Disinformation about the energy transition

Energy Transition

Karl Burkart is deputy director of the ENGO One Earth and a prolific writer on environmental issues. Recently he has published two opeds defending the energy transition (here and here). These opeds are well intentioned but still disinformation at a crucial time for climate mitigation.

I have written a critique of Mr. Burkart’s perspective, tried to find an address for him but couldn’t, and because of the importance of climate mitigation and the relative lack of informing debate about what is now needed, I’m writing it up as an open letter on the energy transition and disinformation:

Mr Burkart,

Just finished reading ‘OK Doomer..’ and ‘Six Steps..’ and while  I know you are well intentioned this long time climate activist thinks you are in denial and that you are spreading disinformation at this crucial time for climate mitigation. I’m writing to explain.

First of all, you can call me a doomer because I think that, given the carbon budget science and the history of three decades of failed mitigation, staying below a 1.5C rise is no longer possible. But this doesn’t mean that I and activists who agree with me are giving up on mitigation – far from it, this dire conclusion means that we should be trying harder, doing whatever we can to get to effective mitigation, as quickly as possible, every tenth of a degree matters.

Secondly, I’m pro renewables, even techno-optimist enough to believe that present problems such as intermittency, storage, etc., will be resolved as the renewable tech matures. But there is abundant evidence to conclude that the ‘energy transition’ pathway by itself is grossly insufficient to reduce GHG emissions on the timescale now needed. The energy transition conception of climate mitigation is out-dated, obsolete, no longer fit for purpose,  a failed Rube Goldberg machine that didn’t.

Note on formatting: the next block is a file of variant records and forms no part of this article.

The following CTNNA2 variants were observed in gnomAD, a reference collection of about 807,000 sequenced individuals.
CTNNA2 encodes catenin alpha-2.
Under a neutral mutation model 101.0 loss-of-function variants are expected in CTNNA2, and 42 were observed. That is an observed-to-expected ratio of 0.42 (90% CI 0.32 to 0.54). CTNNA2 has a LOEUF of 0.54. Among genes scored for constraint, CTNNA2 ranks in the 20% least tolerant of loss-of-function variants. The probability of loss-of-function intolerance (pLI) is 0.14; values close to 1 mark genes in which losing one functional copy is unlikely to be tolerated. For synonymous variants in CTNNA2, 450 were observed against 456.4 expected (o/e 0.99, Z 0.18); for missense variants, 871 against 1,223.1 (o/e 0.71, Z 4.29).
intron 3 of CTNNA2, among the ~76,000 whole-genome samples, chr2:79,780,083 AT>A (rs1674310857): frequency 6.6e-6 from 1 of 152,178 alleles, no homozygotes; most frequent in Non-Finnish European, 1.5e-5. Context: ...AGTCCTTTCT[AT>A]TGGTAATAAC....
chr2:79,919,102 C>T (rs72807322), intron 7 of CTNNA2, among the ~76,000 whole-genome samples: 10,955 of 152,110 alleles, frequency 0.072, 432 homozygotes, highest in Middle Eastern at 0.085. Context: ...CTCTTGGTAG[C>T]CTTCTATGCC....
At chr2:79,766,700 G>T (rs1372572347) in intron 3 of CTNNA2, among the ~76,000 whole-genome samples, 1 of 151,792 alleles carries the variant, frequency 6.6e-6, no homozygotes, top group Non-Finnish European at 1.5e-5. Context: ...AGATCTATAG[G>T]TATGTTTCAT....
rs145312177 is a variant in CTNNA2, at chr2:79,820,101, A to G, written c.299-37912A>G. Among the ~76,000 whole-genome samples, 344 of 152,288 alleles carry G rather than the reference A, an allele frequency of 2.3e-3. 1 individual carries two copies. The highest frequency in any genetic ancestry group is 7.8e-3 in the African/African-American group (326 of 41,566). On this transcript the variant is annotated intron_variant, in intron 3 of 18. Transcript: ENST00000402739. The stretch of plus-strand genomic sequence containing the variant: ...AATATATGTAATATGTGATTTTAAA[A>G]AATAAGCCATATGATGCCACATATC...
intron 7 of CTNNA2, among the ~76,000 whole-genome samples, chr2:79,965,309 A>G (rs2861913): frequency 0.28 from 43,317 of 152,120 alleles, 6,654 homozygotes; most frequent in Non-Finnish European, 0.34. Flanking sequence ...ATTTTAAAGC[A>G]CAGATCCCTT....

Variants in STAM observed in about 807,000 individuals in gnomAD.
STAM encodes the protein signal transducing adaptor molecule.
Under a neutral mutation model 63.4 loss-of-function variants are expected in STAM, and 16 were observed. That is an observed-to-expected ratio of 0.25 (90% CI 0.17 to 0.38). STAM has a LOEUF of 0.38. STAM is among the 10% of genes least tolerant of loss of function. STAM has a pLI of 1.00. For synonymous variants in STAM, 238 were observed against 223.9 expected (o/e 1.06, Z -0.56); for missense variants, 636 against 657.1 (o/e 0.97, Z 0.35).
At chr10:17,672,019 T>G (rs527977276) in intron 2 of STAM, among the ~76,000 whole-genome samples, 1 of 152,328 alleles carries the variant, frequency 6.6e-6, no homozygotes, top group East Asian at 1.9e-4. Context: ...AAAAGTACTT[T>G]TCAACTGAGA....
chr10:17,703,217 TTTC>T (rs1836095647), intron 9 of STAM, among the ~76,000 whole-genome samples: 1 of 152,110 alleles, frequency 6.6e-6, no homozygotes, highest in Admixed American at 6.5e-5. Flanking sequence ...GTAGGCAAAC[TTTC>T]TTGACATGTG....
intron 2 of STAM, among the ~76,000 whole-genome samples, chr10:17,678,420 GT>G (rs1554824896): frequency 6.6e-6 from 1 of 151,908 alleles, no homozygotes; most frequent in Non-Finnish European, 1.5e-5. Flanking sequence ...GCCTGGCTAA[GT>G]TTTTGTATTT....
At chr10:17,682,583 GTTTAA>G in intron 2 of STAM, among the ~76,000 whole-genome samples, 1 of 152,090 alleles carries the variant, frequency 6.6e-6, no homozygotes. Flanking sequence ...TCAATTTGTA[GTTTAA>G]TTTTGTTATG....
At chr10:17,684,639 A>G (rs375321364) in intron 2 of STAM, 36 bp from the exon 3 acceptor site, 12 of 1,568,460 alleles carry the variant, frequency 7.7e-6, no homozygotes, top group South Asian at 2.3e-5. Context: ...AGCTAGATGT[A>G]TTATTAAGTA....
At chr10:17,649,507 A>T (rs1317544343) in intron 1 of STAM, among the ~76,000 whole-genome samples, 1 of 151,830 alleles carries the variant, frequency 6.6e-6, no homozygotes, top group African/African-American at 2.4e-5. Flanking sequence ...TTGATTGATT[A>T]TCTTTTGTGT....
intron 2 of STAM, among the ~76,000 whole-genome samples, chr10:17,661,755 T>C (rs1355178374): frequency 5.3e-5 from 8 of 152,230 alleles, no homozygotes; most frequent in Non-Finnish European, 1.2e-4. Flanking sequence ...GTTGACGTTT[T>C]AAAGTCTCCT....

I agree with you about rejecting the disinformation from the fossil industry supporters concerning renewable tech, but if you recognize the imperative of real mitigation – which must mean reducing GHG emissions by at least half globally by 2030 – then you should at least understand the real, credible arguments against the energy transition path you advocate.

Consider this sentence:

Those in the US (and globally too) who are most active in mitigation science and policy are trapped in this energy transition conception of mitigation and really want it to work but that doesn’t mean that it will:
Energy transitions take decades we no longer have; historically new energy sources add to instead of displacing existing sources of energy; renewables aren’t decreasing fossil fuel use, and building renewable capacity of a scale needed to displace 50% of fossil fuel use by 2030 is now delusional.

The history of energy transitions is that they take a long time and that they are additive – the new energy source does not displace existing sources; renewables (while growing like topsy) did not reduce fossil fuel use over the past decade and shouldn’t be expected to do so on a scale needed to reduce emissions by half by 2030.

You can postulate an inflexion point for renewables but isn’t it abundantly clear that this isn’t going to mean – for only one example – that half the cars on the road are going to be EVs powered by non-fossil fuel electricity by 2030? To hope that the energy transition can work on the 2030 timeline is delusional.